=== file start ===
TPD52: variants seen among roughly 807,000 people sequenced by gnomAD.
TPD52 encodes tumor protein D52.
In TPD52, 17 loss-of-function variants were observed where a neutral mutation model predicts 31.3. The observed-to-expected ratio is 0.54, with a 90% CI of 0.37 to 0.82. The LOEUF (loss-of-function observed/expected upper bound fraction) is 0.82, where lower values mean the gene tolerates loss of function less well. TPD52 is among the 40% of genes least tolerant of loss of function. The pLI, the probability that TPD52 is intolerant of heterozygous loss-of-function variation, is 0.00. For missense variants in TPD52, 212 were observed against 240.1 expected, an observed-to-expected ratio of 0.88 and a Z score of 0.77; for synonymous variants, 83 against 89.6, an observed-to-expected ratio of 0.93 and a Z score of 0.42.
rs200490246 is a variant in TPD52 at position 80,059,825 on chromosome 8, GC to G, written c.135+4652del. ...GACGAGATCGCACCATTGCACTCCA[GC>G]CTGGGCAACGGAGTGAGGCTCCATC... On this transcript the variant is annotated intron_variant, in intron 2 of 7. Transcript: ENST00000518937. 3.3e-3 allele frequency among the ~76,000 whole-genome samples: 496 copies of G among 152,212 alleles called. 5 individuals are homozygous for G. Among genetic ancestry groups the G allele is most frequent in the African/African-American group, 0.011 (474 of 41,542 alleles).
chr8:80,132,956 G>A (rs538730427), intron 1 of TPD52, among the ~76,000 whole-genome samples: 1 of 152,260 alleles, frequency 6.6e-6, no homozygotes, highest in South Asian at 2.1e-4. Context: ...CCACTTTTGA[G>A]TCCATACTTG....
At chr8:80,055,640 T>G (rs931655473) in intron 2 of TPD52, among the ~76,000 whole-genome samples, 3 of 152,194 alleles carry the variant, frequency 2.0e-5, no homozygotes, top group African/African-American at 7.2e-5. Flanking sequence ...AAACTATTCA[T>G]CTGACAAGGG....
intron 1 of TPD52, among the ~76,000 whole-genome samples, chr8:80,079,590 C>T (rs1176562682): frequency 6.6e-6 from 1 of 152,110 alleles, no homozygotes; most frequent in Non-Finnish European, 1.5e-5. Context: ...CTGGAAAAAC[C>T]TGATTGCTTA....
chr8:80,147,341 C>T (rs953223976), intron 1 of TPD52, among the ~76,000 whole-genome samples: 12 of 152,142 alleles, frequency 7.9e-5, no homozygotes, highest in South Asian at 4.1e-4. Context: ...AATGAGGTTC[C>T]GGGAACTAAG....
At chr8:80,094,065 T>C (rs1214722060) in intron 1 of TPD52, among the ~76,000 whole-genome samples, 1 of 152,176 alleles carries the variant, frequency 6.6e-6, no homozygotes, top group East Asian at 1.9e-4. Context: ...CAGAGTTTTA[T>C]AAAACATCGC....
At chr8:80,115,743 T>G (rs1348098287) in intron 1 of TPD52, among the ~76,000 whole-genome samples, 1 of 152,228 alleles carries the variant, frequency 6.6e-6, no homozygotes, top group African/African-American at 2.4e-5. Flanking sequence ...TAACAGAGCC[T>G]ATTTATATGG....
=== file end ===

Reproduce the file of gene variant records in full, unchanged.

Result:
TPD52: variants seen among roughly 807,000 people sequenced by gnomAD.
TPD52 encodes tumor protein D52.
In TPD52, 17 loss-of-function variants were observed where a neutral mutation model predicts 31.3. The observed-to-expected ratio is 0.54, with a 90% CI of 0.37 to 0.82. The LOEUF (loss-of-function observed/expected upper bound fraction) is 0.82, where lower values mean the gene tolerates loss of function less well. TPD52 is among the 40% of genes least tolerant of loss of function. The pLI, the probability that TPD52 is intolerant of heterozygous loss-of-function variation, is 0.00. For missense variants in TPD52, 212 were observed against 240.1 expected, an observed-to-expected ratio of 0.88 and a Z score of 0.77; for synonymous variants, 83 against 89.6, an observed-to-expected ratio of 0.93 and a Z score of 0.42.
rs200490246 is a variant in TPD52 at position 80,059,825 on chromosome 8, GC to G, written c.135+4652del. ...GACGAGATCGCACCATTGCACTCCA[GC>G]CTGGGCAACGGAGTGAGGCTCCATC... On this transcript the variant is annotated intron_variant, in intron 2 of 7. Transcript: ENST00000518937. 3.3e-3 allele frequency among the ~76,000 whole-genome samples: 496 copies of G among 152,212 alleles called. 5 individuals are homozygous for G. Among genetic ancestry groups the G allele is most frequent in the African/African-American group, 0.011 (474 of 41,542 alleles).
chr8:80,132,956 G>A (rs538730427), intron 1 of TPD52, among the ~76,000 whole-genome samples: 1 of 152,260 alleles, frequency 6.6e-6, no homozygotes, highest in South Asian at 2.1e-4. Context: ...CCACTTTTGA[G>A]TCCATACTTG....
At chr8:80,055,640 T>G (rs931655473) in intron 2 of TPD52, among the ~76,000 whole-genome samples, 3 of 152,194 alleles carry the variant, frequency 2.0e-5, no homozygotes, top group African/African-American at 7.2e-5. Flanking sequence ...AAACTATTCA[T>G]CTGACAAGGG....
intron 1 of TPD52, among the ~76,000 whole-genome samples, chr8:80,079,590 C>T (rs1176562682): frequency 6.6e-6 from 1 of 152,110 alleles, no homozygotes; most frequent in Non-Finnish European, 1.5e-5. Context: ...CTGGAAAAAC[C>T]TGATTGCTTA....
chr8:80,147,341 C>T (rs953223976), intron 1 of TPD52, among the ~76,000 whole-genome samples: 12 of 152,142 alleles, frequency 7.9e-5, no homozygotes, highest in South Asian at 4.1e-4. Context: ...AATGAGGTTC[C>T]GGGAACTAAG....
At chr8:80,094,065 T>C (rs1214722060) in intron 1 of TPD52, among the ~76,000 whole-genome samples, 1 of 152,176 alleles carries the variant, frequency 6.6e-6, no homozygotes, top group East Asian at 1.9e-4. Context: ...CAGAGTTTTA[T>C]AAAACATCGC....
At chr8:80,115,743 T>G (rs1348098287) in intron 1 of TPD52, among the ~76,000 whole-genome samples, 1 of 152,228 alleles carries the variant, frequency 6.6e-6, no homozygotes, top group African/African-American at 2.4e-5. Flanking sequence ...TAACAGAGCC[T>G]ATTTATATGG....